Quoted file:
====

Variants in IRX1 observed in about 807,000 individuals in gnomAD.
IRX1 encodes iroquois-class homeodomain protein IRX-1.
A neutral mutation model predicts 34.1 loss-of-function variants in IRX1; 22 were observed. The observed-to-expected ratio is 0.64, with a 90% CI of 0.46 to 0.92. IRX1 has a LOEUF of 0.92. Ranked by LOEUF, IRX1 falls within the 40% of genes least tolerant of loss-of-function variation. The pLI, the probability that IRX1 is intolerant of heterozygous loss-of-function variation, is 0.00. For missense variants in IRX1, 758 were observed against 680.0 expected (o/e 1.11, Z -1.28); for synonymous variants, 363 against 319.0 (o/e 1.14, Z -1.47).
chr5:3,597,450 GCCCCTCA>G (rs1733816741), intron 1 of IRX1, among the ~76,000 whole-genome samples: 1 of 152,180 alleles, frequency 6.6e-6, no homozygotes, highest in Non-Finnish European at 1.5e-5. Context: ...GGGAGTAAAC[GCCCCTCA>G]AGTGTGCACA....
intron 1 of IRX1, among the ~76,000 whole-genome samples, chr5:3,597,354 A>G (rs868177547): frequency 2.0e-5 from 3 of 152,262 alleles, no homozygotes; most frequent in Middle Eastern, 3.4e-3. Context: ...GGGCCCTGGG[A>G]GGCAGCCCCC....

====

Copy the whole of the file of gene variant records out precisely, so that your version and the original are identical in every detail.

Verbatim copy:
Variants in IRX1 observed in about 807,000 individuals in gnomAD.
IRX1 encodes iroquois-class homeodomain protein IRX-1.
A neutral mutation model predicts 34.1 loss-of-function variants in IRX1; 22 were observed. The observed-to-expected ratio is 0.64, with a 90% CI of 0.46 to 0.92. IRX1 has a LOEUF of 0.92. Ranked by LOEUF, IRX1 falls within the 40% of genes least tolerant of loss-of-function variation. The pLI, the probability that IRX1 is intolerant of heterozygous loss-of-function variation, is 0.00. For missense variants in IRX1, 758 were observed against 680.0 expected (o/e 1.11, Z -1.28); for synonymous variants, 363 against 319.0 (o/e 1.14, Z -1.47).
chr5:3,597,450 GCCCCTCA>G (rs1733816741), intron 1 of IRX1, among the ~76,000 whole-genome samples: 1 of 152,180 alleles, frequency 6.6e-6, no homozygotes, highest in Non-Finnish European at 1.5e-5. Context: ...GGGAGTAAAC[GCCCCTCA>G]AGTGTGCACA....
intron 1 of IRX1, among the ~76,000 whole-genome samples, chr5:3,597,354 A>G (rs868177547): frequency 2.0e-5 from 3 of 152,262 alleles, no homozygotes; most frequent in Middle Eastern, 3.4e-3. Context: ...GGGCCCTGGG[A>G]GGCAGCCCCC....